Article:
Monica Poole (1921-2003)
Colour Linocut 5/25
16.5 x 17.5 cm
Monica Poole was the daughter of Charles Reginald Poole and Gladys Aline Haskell. She lived in Kent for the greater part of her life, and according to Anne Stevens “found her subjects, and shapes in the rolling chalk downland, the lush wealden country and the shore line”. She attended Abbotsford School, then Broadstairs, and joined the Thanet School of Art at Margate in 1938, where she was introduced to wood-engraving by Geoffrey Wales. In the War years between 1940 and 1945, she worked in an aircraft factory in Bedford.
She spent the post-war years from 1945 to 1949 at the Central School of Arts and Crafts in London. Here she met Noel Rooke, a noted wood-engraver. It was John Farleigh’s course on illustrating, though, that revealed and nurtured her talent for wood- engraving. In 1940 she had first seen and been inspired by Farleigh’s illustrations for D.H. Lawrence’s The Man Who Died (1935), which led to the idea of studying under him. She later, in 1985, produced a study “The Wood Engravings of John Farleigh”. She married widower Alastair George Murison Small (1896-1969), a member of the Smalls of Dirnanean, in 1952. Murison Small was a former naval officer who had designed underwater weaponry. On his death on 14 September 1969, Poole retired to Tonbridge and quiet seclusion.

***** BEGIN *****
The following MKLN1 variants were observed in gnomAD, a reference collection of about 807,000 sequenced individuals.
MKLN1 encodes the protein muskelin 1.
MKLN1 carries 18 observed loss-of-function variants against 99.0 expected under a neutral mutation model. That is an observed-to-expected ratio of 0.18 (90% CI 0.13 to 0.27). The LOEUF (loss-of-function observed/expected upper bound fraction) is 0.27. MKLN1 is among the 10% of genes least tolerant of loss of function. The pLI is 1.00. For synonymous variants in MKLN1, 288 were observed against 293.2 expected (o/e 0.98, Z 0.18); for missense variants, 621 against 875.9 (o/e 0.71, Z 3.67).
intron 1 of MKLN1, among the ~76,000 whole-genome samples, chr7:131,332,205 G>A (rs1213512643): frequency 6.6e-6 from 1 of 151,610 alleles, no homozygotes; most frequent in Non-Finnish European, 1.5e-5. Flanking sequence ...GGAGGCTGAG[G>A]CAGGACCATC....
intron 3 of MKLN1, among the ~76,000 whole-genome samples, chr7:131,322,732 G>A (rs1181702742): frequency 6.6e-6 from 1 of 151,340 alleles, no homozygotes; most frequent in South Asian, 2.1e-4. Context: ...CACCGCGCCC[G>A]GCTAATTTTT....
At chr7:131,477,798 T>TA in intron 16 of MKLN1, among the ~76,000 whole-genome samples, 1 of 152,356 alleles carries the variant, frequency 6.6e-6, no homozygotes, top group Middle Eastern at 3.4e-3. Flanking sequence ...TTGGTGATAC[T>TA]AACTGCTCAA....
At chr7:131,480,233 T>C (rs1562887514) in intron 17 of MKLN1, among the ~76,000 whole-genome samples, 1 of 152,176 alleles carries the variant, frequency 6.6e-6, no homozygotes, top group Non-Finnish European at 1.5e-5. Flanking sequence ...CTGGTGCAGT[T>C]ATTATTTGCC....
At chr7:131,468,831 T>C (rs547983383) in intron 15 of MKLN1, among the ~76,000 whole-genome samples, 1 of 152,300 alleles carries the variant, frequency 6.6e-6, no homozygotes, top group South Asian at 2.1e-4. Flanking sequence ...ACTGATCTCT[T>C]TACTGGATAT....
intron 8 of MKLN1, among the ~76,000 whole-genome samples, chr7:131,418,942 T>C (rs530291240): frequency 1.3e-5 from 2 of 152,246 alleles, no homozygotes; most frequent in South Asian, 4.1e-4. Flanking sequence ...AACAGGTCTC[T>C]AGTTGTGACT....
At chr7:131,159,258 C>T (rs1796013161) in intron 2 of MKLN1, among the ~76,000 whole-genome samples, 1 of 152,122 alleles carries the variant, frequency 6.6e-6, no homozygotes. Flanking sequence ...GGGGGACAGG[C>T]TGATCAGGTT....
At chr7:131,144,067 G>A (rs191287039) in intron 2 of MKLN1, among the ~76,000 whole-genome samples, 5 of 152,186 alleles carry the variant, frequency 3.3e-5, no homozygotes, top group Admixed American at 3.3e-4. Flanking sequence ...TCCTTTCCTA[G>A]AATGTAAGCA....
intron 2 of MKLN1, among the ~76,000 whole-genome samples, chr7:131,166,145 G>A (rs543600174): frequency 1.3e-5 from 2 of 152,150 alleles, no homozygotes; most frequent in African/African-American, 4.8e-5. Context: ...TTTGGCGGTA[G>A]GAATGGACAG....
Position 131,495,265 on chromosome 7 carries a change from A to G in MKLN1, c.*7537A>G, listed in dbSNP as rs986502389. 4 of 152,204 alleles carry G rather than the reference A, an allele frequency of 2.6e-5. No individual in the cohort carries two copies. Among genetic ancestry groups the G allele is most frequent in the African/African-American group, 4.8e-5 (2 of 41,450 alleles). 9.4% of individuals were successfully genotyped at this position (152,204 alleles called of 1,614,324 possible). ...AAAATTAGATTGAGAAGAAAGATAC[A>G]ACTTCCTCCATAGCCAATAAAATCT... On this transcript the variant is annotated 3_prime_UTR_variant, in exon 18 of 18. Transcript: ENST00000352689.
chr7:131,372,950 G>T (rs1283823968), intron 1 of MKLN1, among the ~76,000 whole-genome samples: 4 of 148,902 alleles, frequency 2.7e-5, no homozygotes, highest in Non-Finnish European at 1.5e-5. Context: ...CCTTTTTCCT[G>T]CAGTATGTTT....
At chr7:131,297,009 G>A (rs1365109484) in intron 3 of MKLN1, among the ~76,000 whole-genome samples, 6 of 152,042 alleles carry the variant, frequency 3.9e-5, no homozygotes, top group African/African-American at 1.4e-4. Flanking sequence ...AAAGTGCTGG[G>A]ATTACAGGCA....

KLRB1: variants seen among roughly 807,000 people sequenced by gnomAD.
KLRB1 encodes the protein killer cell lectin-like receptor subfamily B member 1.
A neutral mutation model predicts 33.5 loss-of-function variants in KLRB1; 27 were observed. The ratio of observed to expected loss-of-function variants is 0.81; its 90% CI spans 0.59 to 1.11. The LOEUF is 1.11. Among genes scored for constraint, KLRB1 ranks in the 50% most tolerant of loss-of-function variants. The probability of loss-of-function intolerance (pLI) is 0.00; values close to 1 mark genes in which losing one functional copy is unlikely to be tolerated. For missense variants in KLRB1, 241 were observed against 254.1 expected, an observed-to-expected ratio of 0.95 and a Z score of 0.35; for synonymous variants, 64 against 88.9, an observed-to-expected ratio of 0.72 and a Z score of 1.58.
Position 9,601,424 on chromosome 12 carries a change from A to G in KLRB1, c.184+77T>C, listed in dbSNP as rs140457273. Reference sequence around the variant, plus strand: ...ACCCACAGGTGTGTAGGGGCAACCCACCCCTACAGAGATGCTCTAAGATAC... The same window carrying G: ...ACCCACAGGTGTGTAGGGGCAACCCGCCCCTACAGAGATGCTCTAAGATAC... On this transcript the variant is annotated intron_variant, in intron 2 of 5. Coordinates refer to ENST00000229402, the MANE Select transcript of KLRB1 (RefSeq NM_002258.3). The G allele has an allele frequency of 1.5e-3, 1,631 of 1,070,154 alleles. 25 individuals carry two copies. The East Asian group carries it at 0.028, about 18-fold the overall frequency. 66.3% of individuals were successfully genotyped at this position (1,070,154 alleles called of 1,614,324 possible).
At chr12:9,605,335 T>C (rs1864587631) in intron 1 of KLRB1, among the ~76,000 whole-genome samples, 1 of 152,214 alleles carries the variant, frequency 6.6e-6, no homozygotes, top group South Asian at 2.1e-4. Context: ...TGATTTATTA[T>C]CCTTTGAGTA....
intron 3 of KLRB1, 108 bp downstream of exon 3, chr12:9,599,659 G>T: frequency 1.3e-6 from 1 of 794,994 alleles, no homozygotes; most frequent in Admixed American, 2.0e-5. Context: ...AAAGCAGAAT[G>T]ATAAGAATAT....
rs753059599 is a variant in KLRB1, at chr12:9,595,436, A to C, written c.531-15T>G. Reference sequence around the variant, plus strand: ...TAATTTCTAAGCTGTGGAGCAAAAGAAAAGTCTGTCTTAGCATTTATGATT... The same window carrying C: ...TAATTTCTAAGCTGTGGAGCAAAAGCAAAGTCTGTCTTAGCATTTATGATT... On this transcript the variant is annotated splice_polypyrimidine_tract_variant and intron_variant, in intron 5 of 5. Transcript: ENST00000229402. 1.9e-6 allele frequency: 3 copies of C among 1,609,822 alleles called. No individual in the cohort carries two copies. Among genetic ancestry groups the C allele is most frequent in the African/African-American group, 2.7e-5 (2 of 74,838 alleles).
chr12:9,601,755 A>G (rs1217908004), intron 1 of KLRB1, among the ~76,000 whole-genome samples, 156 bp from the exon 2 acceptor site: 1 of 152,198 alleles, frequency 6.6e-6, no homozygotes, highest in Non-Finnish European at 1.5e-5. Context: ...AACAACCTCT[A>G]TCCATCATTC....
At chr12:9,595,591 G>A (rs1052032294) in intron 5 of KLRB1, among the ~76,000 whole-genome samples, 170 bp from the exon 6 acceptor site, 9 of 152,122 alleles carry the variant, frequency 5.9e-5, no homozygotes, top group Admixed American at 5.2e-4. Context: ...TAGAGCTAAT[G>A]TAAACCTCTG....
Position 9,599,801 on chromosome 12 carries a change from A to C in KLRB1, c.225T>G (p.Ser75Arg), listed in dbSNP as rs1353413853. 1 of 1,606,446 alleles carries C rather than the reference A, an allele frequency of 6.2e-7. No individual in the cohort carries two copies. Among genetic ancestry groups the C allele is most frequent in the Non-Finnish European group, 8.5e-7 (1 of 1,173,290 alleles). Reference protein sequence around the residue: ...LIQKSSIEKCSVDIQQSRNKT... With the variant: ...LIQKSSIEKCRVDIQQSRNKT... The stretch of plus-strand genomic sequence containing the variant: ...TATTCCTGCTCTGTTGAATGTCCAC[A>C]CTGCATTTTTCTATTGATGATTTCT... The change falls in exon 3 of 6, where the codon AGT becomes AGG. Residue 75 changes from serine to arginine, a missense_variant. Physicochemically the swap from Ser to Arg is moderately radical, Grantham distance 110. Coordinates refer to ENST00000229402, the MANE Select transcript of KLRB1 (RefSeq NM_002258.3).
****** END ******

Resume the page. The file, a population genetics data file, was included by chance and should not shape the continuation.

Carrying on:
Poole produced some 36 wood-engravings from 1977 to 1993, which were snapped up by discerning collectors. She had solo exhibitions at the London dealer Duncan Campbell in 1989 and 1993. She exhibited regularly with the Royal Society of Painter-Etchers and Engravers, becoming an Associate in 1967 and a member in 1975. She was also a member of the Society of Wood Engravers and the Art Workers Guild.
She was a reserved person and led a very private life. She contracted poliomyelitis at the age of six months, leaving her paraplegic until she was five years old. Further emotional scars followed with her elder sister’s death at seven and her mother’s suffering from tuberculosis. An extended stay in Switzerland between 1929 and 1931 aided in her mother’s recovery and left Monica dazzled by the mountainous country.
Her work may be seen in the Ashmolean Museum in Oxford, the Fitzwilliam Museum in Cambridge, the Victoria and Albert Museum, the British Museum in London, the Scottish National Gallery of Modern Art in Edinburgh, the Boston Public Library and in many other collections. Her close friend and fellow wood-engraver, George Mackley, published a book on her engravings in 1994.